Who pays for the fees associated with the coordination process?
Despite coordination being a court ordered process, Lindsay is an independent service provider that requires both parties to pay an initial retainer that is then placed in a trust account. Generally, most arrangements are set up with both parties being 50% responsible for the cost of services, however; other fee splits are possible and will be laid out in the court order appointing Lindsay as a coordinator. Lindsay bills for any work completed on the case in 6-minute increments and once a month, will send out a detailed billing to both parties that describes the services provided on the case during that time.
Is the parent coordination process mandatory to participate in?
Yes. The purpose of a parent coordinator is to manage high-conflict custody cases so that neither party will have to continue to appear frequently in court. The goal of coordination is to de-escalate conflict, work collaboratively with both parties to engage them in healthier communication and dispute resolution patterns.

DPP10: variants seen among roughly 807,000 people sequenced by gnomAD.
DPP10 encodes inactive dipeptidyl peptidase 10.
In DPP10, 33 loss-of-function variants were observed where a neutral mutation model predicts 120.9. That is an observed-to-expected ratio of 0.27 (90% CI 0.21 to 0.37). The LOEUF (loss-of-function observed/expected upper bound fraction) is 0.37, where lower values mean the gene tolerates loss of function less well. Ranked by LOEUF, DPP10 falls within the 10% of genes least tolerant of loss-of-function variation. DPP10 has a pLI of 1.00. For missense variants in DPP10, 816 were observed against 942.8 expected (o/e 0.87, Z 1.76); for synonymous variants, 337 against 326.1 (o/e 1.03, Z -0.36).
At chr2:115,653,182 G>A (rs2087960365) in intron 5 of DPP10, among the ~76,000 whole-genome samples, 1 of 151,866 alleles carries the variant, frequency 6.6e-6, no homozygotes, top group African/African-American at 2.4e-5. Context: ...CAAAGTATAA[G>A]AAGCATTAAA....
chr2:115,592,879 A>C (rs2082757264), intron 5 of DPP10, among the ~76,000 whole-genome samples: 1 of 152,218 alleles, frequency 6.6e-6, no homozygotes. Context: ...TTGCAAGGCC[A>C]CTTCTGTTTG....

Please note that if one party repeatedly refuses participation in the coordination process, Lindsay does have an obligation to report this non-compliance to the Judge who presides over this case. Non-compliance based on refusing to pay the fees associated with coordination is also something that is mandatorily reported to the Judge.
What if I have additional questions that are not answered here?
If you wish to learn more information about the potential benefit of working towards a positive and helpful cooperative parenting relationship with your former spouse or partner, please feel free to contact Lindsay and she will be happy to discuss more about the process with you.